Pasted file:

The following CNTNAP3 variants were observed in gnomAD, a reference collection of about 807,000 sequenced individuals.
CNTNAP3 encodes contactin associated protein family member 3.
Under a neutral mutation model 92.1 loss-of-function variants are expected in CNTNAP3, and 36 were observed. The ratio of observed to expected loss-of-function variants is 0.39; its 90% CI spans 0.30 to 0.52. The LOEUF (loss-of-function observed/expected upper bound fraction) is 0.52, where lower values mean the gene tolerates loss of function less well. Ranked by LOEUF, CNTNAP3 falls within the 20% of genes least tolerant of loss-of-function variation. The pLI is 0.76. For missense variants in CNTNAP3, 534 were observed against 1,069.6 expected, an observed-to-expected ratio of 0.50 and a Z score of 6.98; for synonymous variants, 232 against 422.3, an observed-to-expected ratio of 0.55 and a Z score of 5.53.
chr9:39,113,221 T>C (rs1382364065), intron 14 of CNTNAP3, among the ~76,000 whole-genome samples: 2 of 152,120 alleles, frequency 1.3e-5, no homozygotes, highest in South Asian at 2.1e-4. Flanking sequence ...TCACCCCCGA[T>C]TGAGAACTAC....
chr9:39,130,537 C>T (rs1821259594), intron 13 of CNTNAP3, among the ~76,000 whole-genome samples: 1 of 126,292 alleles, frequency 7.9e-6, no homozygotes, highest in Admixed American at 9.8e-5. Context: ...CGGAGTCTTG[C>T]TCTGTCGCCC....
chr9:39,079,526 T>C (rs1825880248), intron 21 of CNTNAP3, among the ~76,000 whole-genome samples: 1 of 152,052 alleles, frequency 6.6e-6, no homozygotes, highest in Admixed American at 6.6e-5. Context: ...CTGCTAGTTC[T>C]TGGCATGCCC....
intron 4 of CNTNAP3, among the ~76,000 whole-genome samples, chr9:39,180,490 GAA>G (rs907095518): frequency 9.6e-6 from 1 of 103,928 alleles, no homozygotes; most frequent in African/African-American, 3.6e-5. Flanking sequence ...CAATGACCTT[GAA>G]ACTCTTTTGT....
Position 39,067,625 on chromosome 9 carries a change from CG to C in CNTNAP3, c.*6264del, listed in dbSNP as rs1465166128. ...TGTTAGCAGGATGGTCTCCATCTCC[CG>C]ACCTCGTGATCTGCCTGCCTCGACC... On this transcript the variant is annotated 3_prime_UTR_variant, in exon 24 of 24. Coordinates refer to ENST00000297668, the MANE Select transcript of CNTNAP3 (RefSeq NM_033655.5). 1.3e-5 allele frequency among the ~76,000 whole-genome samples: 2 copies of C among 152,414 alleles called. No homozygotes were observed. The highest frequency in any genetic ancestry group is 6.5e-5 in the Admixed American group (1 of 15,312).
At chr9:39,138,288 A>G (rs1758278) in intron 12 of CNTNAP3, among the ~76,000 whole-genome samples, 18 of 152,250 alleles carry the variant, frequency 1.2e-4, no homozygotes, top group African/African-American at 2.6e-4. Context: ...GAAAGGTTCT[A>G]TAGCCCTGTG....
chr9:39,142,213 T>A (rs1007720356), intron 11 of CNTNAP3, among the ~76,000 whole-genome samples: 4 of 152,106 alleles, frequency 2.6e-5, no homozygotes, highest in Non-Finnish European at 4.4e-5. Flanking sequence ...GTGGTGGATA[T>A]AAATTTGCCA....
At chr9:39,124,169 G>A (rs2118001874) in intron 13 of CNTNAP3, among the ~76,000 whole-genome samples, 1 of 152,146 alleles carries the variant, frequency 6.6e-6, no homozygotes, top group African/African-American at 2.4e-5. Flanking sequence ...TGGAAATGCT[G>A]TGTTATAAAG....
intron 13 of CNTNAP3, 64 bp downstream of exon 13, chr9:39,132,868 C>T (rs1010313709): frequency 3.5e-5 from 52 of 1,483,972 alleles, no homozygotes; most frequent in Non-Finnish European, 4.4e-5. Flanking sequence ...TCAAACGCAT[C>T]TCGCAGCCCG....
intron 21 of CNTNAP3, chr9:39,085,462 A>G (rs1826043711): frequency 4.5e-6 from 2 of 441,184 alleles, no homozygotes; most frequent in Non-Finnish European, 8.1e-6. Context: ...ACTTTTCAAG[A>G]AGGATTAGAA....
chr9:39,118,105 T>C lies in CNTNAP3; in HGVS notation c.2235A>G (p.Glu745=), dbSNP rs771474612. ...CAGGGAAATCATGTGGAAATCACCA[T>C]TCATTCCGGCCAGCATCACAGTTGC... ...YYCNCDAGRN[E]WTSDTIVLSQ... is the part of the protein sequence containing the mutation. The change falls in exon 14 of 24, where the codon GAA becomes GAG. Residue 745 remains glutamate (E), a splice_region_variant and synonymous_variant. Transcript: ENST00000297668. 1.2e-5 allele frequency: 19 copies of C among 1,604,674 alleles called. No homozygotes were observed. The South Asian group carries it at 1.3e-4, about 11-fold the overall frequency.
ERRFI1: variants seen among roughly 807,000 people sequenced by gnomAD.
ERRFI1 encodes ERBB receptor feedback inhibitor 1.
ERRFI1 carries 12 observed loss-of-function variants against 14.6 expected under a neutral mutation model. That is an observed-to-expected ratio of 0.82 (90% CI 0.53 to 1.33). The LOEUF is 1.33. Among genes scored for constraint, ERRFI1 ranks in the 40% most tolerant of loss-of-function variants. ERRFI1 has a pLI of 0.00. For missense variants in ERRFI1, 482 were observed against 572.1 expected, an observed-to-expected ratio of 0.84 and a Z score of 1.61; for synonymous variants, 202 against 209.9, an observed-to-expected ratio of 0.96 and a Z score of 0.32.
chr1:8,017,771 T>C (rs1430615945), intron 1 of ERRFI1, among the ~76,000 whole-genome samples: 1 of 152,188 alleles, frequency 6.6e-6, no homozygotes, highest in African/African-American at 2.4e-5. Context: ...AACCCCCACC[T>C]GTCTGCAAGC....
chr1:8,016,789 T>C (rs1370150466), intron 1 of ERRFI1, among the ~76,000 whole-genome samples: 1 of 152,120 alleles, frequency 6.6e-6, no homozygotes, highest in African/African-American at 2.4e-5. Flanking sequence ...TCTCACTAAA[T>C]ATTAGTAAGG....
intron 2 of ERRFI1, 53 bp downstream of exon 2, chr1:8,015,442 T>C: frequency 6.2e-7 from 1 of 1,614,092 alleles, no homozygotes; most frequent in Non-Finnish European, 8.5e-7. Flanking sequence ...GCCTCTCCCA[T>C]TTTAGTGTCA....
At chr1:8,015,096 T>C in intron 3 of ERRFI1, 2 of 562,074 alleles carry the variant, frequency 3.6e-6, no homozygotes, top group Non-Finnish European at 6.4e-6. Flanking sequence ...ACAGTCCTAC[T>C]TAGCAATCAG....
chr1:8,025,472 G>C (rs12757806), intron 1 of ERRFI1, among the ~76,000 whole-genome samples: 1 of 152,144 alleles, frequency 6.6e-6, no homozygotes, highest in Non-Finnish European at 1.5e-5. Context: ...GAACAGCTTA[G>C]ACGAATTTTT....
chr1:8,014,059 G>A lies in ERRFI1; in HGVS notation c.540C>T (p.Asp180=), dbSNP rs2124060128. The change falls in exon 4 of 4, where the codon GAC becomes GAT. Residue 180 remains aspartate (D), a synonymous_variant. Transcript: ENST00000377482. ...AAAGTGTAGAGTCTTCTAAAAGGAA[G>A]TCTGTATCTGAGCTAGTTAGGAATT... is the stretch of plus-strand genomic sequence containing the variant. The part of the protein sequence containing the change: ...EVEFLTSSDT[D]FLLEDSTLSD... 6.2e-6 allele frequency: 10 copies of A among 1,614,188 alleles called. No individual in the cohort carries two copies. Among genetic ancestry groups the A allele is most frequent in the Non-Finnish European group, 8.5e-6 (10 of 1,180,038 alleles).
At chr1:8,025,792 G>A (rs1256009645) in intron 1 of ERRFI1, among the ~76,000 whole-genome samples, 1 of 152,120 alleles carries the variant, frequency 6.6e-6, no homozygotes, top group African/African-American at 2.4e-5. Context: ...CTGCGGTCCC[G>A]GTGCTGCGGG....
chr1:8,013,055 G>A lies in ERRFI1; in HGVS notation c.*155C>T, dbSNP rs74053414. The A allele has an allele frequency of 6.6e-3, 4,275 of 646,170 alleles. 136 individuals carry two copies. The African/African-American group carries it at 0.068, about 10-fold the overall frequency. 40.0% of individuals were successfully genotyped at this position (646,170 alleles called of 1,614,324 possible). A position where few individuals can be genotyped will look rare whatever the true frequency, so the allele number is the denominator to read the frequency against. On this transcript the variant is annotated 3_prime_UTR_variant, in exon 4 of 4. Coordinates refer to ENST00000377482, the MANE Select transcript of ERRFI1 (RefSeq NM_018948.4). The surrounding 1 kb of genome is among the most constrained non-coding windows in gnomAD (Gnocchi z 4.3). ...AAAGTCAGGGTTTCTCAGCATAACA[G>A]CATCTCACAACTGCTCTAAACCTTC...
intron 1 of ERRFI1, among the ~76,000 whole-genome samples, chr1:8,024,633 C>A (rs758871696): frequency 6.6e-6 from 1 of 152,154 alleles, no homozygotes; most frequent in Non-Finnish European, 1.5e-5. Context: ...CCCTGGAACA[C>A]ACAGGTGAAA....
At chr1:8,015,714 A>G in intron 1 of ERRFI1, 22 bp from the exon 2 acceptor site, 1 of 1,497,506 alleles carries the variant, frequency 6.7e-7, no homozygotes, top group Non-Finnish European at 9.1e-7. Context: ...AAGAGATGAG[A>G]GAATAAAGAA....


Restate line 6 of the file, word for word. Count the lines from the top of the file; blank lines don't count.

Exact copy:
chr9:39,079,526 T>C (rs1825880248), intron 21 of CNTNAP3, among the ~76,000 whole-genome samples: 1 of 152,052 alleles, frequency 6.6e-6, no homozygotes, highest in Admixed American at 6.6e-5. Context: ...CTGCTAGTTC[T>C]TGGCATGCCC....